Fed Raises 75 Basis Points; Food Price Inflation Continues to Wreak Havoc on Consumer Budgets
publication date: Sep 21, 2022
author/source: Brian Nelson, CFA
Image Source: Federal Reserve
The Fed upped its key benchmark rate to the range of 3%-3.25% on September 21, but it may not be enough to stem the rise in inflation. We think the market has further room to fall.
By Brian Nelson, CFA
We think the Fed is looking to crush the economy and break the will of businesses to raise prices. Unfortunately, there is only so much that hiking the federal funds rate can do, and much of the inflation that is hurting the consumer is coming in the form of food prices, and this doesn’t look like it will abate anytime soon.
I had warned about a coming market “flush” in a late August video, in part due to the rapid increase in food-at-home cost inflation, something that I noted wasn’t necessarily included in the government's numbers. The August CPI report, released September 13, revealed many of my concerns about food-at-home cost inflation that is absorbing far too much of fixed-income budgets these days, and news from General Mills (GIS) September 21 showed this will likely continue.
My goodness – look at the price increases across General Mills’ product line-up! The company’s volumes are dropping like a rock, while price increases are up 15 percentage points across the company. In its North American Foodservice operations alone, price increases leapt 21 percentage points! These types of price increases are destroying consumer budgets.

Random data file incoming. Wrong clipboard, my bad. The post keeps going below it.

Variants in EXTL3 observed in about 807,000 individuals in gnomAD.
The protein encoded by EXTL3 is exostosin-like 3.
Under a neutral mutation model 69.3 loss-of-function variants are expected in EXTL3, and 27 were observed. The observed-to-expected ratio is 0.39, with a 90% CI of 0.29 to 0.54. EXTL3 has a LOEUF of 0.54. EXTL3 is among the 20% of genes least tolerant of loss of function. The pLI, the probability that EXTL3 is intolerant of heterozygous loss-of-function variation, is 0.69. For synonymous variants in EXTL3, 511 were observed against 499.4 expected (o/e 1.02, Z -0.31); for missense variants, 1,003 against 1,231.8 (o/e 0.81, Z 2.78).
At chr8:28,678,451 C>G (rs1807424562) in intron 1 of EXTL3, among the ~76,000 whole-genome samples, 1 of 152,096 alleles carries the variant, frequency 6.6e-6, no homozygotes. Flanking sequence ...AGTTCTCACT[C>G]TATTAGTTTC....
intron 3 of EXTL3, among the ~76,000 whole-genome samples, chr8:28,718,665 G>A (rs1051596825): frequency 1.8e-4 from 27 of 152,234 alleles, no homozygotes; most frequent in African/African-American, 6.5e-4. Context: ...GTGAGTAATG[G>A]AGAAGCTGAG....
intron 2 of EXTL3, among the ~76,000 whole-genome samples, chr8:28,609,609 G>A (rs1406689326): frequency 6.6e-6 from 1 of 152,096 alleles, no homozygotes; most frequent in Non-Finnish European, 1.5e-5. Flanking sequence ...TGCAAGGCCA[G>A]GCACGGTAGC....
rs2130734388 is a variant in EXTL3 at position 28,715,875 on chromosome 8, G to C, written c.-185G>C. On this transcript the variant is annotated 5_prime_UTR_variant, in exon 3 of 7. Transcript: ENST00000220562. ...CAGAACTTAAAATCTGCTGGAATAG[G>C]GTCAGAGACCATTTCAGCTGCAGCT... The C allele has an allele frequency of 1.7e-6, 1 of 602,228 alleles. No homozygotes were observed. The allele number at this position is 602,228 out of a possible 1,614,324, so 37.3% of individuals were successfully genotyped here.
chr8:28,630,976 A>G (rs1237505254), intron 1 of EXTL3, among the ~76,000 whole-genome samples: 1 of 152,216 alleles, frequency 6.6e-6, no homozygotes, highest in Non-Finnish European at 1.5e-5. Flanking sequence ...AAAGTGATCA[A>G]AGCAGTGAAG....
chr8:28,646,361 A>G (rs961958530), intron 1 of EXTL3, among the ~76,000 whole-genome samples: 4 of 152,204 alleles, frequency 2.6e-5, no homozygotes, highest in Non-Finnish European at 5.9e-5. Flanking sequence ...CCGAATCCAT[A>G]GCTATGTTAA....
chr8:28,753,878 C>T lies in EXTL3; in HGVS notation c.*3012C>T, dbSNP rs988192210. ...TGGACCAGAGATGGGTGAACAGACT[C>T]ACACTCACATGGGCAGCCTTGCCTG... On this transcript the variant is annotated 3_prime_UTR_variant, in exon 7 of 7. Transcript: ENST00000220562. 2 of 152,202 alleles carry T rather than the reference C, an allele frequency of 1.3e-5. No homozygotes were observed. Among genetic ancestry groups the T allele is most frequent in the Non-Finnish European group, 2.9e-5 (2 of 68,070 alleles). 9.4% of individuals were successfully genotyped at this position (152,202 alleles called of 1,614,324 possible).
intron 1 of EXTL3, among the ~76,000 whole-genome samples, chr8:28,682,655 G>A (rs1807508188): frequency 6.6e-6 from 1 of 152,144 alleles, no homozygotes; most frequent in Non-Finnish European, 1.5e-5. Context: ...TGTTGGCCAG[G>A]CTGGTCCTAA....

Image Shown: Price increases at General Mills show that food price inflation continues to weak havoc on consumer budgets. Image Source: General Mills
As I noted earlier in August, there has been a fundamental step-change on the pressure on consumer budgets, and this is only starting to show up in the government’s numbers.
The big question is whether Fed rate hikes will truly dissuade companies such as General Mills from further product price hikes when such pricing optimization is driving tremendous operating profit growth -- 29% for the cereal maker in the most recently-reported quarter.
The Fed is tightening quickly, but we remain decidedly bearish and think this market has further room to fall.
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Brian Nelson owns shares in SPY, SCHG, QQQ, DIA, VOT, BITO, and IWM. Valuentum owns SPY, SCHG, QQQ, VOO, and DIA. Brian Nelson's household owns shares in HON, DIS, HAS, NKE. Some of the other securities written about in this article may be included in Valuentum's simulated newsletter portfolios. Contact Valuentum for more information about its editorial policies.
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